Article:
Fr Tom Herbst OFM, an occasional contributor to this blog, sent this notice today on behalf of Kent University Chaplaincy.
We are organizing- at very short notice- a candle/prayer vigil at Uni as a memorial for the Sri Lanka victims. It will be held at 8:00 PM beginning outside Eliot College then moving into the chapel. If you can make it that would be great as we would like to see as many people there as possible. Can you pass the word to people who may be interested? Maybe announce on your blog?
If you can make it this evening, that would be good. If not, please spare a moment around 8.00 to join us in prayer.
A friend of one of my daughters, a Chinese scholar, once posted a picture of her with one of these cups, saying in jest, Here is N drinking tea from 14th Century Yuan porcelain, though this is a 20th Century Staffordshire adaptation of that design.
But this is about tea from Sri Lanka, not China, and the working conditions of the pickers. Pay has long been poor, schooling for the children lacking; and poor pay tempts parents to bring children to work for the few pence they can earn.
USPG’s partners are bringing schools to the children, and they are starting to attend with their parents’ encouragement. People overseas, like us, can help by buying Fair Trade tea.
Here is a prayer from Sri Lanka to go with the tea.
Even as the water falls on dry leaves, and brings out their flavour, so may your Spirit fall on us and renew us, so that we may bring refreshment and joy to others,
I’ll drink to that!
This reflection is from Sri Lanka; it challenges us at the most basic level. Do we know that the tea (or coffee) we drink is produced by slave labour or free? The reflection and prayers based on it can be found at the Anglican USPG website on their Pray with the World Church page. Reflection by Fr Lakshman Daniel, of the Church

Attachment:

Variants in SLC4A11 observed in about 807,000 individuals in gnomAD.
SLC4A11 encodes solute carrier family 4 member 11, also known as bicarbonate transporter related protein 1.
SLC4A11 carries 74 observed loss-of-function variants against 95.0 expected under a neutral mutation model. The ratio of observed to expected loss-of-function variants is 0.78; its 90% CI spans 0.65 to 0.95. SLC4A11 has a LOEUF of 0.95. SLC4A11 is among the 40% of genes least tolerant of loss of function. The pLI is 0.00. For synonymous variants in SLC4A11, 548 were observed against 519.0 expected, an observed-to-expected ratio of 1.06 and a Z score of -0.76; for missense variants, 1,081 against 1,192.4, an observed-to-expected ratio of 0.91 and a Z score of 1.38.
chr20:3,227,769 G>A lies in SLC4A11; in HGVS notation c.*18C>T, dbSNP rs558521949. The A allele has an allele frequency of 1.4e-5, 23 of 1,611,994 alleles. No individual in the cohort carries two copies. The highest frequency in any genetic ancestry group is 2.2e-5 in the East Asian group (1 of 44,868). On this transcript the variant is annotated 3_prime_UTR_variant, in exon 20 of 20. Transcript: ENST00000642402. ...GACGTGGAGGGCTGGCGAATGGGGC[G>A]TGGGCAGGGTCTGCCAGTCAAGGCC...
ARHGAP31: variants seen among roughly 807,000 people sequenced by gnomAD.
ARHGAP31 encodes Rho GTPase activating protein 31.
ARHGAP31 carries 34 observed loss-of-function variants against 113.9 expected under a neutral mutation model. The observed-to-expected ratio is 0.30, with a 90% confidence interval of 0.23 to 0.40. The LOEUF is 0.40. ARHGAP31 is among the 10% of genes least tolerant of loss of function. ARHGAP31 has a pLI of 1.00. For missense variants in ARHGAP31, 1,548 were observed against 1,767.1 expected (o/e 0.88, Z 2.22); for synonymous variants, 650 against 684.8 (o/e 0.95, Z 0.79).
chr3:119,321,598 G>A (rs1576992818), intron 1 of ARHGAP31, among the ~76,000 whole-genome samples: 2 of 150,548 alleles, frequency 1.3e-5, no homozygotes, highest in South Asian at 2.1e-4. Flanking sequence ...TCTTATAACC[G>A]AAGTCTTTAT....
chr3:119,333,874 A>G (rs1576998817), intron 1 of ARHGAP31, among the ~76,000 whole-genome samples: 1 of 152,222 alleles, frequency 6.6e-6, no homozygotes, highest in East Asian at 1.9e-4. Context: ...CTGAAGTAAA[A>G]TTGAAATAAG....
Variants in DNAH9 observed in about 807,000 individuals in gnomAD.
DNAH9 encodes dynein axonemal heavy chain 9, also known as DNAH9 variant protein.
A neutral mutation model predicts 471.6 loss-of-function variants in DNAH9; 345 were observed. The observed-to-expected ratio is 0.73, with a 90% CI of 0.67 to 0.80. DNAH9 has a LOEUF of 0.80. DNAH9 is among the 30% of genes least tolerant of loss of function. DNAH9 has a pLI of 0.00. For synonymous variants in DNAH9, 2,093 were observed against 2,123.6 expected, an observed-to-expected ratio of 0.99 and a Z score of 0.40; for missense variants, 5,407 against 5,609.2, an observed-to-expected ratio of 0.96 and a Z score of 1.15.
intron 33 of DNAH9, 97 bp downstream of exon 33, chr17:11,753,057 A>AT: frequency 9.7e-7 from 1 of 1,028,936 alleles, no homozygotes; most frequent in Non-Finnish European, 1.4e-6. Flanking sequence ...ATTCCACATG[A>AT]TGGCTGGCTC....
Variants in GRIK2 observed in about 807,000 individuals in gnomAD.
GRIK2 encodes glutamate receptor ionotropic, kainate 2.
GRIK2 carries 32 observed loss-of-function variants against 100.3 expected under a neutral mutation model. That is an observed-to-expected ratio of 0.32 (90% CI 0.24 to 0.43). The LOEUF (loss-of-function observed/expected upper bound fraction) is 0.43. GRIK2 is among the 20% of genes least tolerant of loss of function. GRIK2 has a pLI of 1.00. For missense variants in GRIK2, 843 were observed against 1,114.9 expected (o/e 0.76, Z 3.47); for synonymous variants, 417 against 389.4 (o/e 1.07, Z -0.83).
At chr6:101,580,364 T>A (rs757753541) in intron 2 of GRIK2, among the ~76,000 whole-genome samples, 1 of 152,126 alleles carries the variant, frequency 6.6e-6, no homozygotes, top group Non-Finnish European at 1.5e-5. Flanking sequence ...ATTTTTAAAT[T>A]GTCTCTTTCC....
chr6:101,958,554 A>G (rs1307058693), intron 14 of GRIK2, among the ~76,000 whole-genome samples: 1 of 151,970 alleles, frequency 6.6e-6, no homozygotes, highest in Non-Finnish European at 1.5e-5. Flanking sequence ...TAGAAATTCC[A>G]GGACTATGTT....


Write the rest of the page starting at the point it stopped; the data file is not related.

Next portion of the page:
In the mid-nineteenth century, poor Indian Tamil plantation
workers were brought to Sri Lanka, then called Ceylon, to
sustain the tea industry, mainly in the central hills of Sri Lanka.
Today, this community is held in a modern form of slavery,
facing many socio-cultural and political concerns. The Church
of Ceylon is doing what it can to help children, who are the most
vulnerable group within the tea estate communities.
Our Estate Community Development Mission runs nursery
schools and after-school centres for some of the most vulnerable
children. The children are given a meal and teachers provide
activities which help the children educationally and socially.
This work is helping to change a culture of dependence:
rather than depending on the employment of tea estate owners,
children are being prepared for a formal education. And we
are pleased to report that children from many tea estates
have been supported through A Levels and even provided with
scholarships so they can attend university.
It is not the will of God that anyone should live as slaves. Therefore, we are taking every possible step to support
sustainable development to ensure peace and prosperity in this
community, with both material and spiritual growth.
Afterword from Pope Francis:
Modern forms of slavery … are far more widespread than previously imagined, even – to our scandal and shame – within the most prosperous of our societies …God’s cry to Cain, found in the first pages of the Bible – ‘Where is your brother?’ – challenges us to examine seriously the various forms of complicity by which society tolerates, and encourages, particularly with regard to the sex trade and the exploitation of vulnerable men, women and children.